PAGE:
Path to tougher gun controls may lead through states, not D.C.

 Sen. Pat Toomey, R-Pa., greets President Donald Trump as he arrives on Air Force One at Harrisburg International Airport in Middletown, Pennsylvania. (AP Photo/Carolyn Kaster)

Sen. Pat Toomey, R-Pa., greets President Donald Trump as he arrives on Air Force One at Harrisburg International Airport in Middletown, Pennsylvania. (AP Photo/Carolyn Kaster)

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This round, Merri Walkenstein from our listening region asked: “What is Sen. Toomey currently doing about gun safety in Pennsylvania?” 

U.S. lawmakers are still working through a shooting incident last week in which a gunman opened fire at a congressional baseball practice outside of Washington, D.C.

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Congressman Steve Scalise, the House majority whip, was one of five people shot Wednesday as the Republican team practiced in Alexandria, Virginia. He has required surgery several times since the shooting.

The man who shot Scalise and others at the baseball practice had with him a piece of paper with doodles and the names of three lawmakers, according to a person familiar with the case.

Lawmakers from the region — including Pat Meehan from Philadelphia’s western suburbs — were shaken by the shooting. Meehan, a pitcher, wasn’t at the practice because he’d worked his arm the day before. Had he been there, though, he would have been right in front of the shooter, he said.

Explaining to reporters what congressional baseball means to him and others, Meehan broke down.

“The camaraderie that we have in the mornings, when we are there is such a change from the pressures we all feel on a regular basis, and sort of a return to the fun things,” he said. “You know, Scalise is the whip, but out on the field we treat each other like we’re back in high school again.”

After the shooting, a Kentucky Republican introduced a bill to allow people with concealed-carry permits in their home states to bring weapons with them into Washington.

On the other hand, some Democrats have used the shooting to call for stricter gun laws.

Standing by Toomey

The main gun-control bill in the Capitol — the Toomey-Manchin Bill — was co-sponsored by Pennsylvania Republican Sen. Pat Toomey and calls for background checks for more types of gun sales.

While briskly walking through the Capitol, Toomey said he doesn’t have a plan to introduce the bill in this session of Congress.

“I don’t have a date in mind, but I’d be open to that. I still support the policy,” he said. “I know Sen. Manchin does as well, so we’ll see.”

The bill garnered support from more than 50 lawmakers in two votes,  but Republicans successfully filibustered it. Toomey said the math just doesn’t seem to add up for it.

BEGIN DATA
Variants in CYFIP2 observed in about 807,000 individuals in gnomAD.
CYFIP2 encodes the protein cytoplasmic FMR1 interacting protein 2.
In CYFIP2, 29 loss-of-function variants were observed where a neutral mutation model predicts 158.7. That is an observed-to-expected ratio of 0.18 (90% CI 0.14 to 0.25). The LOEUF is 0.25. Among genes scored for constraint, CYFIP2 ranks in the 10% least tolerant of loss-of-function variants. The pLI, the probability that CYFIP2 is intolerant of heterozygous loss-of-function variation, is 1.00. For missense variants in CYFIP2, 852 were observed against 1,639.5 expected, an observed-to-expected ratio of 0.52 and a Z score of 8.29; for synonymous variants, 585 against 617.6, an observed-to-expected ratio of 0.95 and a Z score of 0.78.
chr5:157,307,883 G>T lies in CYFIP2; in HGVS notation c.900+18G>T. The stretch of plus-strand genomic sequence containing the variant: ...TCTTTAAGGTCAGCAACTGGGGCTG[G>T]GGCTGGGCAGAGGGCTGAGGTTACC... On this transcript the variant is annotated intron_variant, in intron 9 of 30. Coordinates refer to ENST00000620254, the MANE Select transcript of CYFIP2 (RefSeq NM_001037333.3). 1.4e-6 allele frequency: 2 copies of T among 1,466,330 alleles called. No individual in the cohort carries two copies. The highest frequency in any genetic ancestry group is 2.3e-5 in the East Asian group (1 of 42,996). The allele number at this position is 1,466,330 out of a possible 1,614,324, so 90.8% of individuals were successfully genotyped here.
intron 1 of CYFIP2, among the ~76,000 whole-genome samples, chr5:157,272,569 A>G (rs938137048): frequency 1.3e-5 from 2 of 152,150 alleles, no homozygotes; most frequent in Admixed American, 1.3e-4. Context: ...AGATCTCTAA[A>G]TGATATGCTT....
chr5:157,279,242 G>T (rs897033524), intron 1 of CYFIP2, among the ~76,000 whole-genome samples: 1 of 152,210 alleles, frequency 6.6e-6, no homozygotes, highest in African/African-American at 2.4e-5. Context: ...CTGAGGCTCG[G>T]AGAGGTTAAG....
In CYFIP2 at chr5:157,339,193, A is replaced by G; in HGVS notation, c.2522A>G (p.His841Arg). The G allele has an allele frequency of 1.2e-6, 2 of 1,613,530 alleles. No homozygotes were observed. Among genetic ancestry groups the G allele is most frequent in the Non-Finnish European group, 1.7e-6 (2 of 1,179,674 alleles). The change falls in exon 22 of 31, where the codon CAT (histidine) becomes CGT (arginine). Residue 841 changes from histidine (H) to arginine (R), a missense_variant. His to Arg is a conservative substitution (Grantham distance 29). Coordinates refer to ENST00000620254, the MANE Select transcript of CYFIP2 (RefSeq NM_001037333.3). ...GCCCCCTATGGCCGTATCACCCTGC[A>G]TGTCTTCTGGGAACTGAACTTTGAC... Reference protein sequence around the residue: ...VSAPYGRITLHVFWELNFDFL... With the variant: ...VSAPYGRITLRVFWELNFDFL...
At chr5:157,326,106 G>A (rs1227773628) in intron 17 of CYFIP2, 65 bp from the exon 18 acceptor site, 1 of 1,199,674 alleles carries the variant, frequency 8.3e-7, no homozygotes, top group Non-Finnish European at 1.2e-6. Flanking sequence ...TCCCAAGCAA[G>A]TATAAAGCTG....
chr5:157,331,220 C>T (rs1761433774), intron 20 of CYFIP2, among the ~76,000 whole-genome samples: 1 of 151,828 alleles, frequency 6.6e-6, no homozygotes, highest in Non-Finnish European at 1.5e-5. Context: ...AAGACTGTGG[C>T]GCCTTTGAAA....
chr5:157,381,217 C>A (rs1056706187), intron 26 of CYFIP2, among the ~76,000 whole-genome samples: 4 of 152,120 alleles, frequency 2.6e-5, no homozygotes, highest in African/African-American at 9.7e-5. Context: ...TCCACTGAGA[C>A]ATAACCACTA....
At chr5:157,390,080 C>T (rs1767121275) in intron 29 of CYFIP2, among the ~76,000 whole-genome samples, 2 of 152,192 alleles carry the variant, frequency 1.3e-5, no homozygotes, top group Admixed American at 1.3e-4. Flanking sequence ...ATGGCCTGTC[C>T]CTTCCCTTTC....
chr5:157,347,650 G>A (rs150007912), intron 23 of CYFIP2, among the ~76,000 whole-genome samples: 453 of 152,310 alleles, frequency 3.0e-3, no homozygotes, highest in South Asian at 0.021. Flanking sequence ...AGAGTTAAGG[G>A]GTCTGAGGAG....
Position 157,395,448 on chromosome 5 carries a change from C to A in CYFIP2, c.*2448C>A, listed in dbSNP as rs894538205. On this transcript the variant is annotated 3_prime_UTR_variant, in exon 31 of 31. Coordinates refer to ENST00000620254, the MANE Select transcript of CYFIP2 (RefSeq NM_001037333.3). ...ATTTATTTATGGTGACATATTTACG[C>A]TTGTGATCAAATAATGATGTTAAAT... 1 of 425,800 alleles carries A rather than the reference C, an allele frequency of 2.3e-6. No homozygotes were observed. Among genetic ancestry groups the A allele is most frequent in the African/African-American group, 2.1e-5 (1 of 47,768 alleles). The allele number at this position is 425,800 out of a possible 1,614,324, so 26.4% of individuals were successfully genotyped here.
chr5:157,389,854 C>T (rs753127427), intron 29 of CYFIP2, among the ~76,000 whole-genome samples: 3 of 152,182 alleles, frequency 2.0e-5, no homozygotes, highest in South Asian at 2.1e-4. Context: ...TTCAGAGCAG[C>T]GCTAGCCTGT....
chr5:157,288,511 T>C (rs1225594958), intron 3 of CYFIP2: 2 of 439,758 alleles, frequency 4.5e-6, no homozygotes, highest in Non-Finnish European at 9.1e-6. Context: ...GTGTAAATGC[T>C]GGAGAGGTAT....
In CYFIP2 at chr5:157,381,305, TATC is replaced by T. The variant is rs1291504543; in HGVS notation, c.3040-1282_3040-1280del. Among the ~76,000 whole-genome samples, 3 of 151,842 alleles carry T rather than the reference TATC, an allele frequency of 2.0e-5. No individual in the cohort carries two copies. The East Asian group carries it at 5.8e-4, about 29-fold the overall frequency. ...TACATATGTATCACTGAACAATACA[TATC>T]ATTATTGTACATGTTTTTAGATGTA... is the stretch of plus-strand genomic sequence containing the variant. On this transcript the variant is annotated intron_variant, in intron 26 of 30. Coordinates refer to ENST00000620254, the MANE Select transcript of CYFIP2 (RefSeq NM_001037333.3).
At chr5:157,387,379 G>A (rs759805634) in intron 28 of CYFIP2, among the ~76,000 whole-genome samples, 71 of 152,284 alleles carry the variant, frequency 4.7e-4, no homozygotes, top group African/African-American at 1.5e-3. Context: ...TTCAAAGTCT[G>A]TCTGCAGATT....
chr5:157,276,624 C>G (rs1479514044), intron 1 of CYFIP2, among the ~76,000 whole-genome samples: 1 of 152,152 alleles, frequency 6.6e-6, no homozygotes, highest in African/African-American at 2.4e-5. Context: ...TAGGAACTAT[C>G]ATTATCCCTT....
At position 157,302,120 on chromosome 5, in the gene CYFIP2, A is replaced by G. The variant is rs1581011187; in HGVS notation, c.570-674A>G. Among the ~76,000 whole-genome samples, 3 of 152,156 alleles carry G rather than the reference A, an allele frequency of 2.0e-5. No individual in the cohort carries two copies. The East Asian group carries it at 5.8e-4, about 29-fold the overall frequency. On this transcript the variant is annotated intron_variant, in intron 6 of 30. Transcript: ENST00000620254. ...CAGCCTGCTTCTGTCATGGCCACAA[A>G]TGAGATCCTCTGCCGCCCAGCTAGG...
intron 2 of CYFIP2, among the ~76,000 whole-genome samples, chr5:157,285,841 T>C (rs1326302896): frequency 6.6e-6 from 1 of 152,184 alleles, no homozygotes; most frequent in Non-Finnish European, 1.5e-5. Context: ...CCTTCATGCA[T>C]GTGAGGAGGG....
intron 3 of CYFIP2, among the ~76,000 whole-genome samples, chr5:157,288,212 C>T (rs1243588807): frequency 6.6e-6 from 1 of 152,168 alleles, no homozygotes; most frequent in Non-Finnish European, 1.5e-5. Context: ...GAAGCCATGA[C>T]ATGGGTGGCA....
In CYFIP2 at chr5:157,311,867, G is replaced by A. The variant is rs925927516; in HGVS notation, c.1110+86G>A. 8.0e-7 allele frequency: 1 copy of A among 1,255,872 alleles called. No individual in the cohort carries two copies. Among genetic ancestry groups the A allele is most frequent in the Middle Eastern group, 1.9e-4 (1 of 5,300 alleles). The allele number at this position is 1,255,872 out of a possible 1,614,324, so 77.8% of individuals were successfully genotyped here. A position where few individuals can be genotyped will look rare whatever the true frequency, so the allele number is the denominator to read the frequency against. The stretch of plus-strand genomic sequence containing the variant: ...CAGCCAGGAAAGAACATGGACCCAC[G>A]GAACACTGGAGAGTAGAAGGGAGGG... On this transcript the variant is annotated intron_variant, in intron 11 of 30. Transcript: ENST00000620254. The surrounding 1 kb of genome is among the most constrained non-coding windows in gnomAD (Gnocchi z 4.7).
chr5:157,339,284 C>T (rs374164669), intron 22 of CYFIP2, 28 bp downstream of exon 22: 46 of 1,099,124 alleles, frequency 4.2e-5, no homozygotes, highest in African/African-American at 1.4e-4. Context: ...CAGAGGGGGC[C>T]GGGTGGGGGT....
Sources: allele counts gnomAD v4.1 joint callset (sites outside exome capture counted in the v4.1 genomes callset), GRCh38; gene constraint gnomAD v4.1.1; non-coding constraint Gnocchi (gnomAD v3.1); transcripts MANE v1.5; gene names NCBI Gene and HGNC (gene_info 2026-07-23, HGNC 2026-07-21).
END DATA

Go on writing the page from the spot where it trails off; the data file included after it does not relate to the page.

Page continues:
“Look, it doesn’t appear that we have the votes, right? I mean we tried this twice, we went backwards on the second one,” he said. “And I’m not aware of anybody that … would change their votes. So, I want to make progress.”

In his re-election campaign last year. Toomey won an endorsement from Americans for Responsible Solutions, the gun violence-prevention organization started by former Congresswoman Gabby Giffords who nearly dies in a 2011 assassination attempt . The group’s executive director, Peter Ambler, said there is no regret over that endorsement — even though Toomey isn’t pushing his gun-control bill this session.

In fact, Ambler said the organization would like to see “more Toomeys” in Congress.

“He ran on a platform that emphasized gun-violence prevention. It was something that you could have never imagined a Republican doing five years before he did,” Ambler said. “That’s why we endorsed him, and that’s why we stand by our endorsement today.”

Ambler said Toomey was a part of a broader nationwide movement that made a difference in state-level campaigns to change the nation’s gun laws.

“But we’ve indisputably moved the debate forward. His example helped us get universal background checks laws passed in nine states across the country,” Ambler said. “He and other leaders on both sides of the aisle helped us pass over 150 other pieces of legislation in 40 states over the last four years and change.”

Hoping to enlist the president

The bill’s other main sponsor, Sen. Joe Manchin, D-West Virginia, said he thinks the bill could pass in this Congress if President Trump were brought on board. That support would give cover to more moderate senators, Manchin said.

“Because they were scared, everybody that was fighting and opposing and pushing back on all their members said, ‘Yeah, but Barack Obama wants to take all our guns, so if you give him this little bit, he’ll take more.’

“They don’t believe that Donald Trump would do that,” Manchin said. “I’m sure not going to do it. But you need someone at that high level, to be able to know they’re going to protect the rights.”

As for the mood around gun control in general in this Congress? It seems to be more about gun rights than gun control.

For instance, U.S. Rep. Ryan Costello, R-Pennsylvania, said he doesn’t hear anything about stricter laws.

“I have not … If anything, I’ve heard more sort of headed in the other direction from some,” he said.

The NRA is pushing an effort to get a national concealed-carry bill passed — while also trying to make it easier for people to get silencers for their weapons. And that leave proponents of stricter laws focusing more on state capitals.

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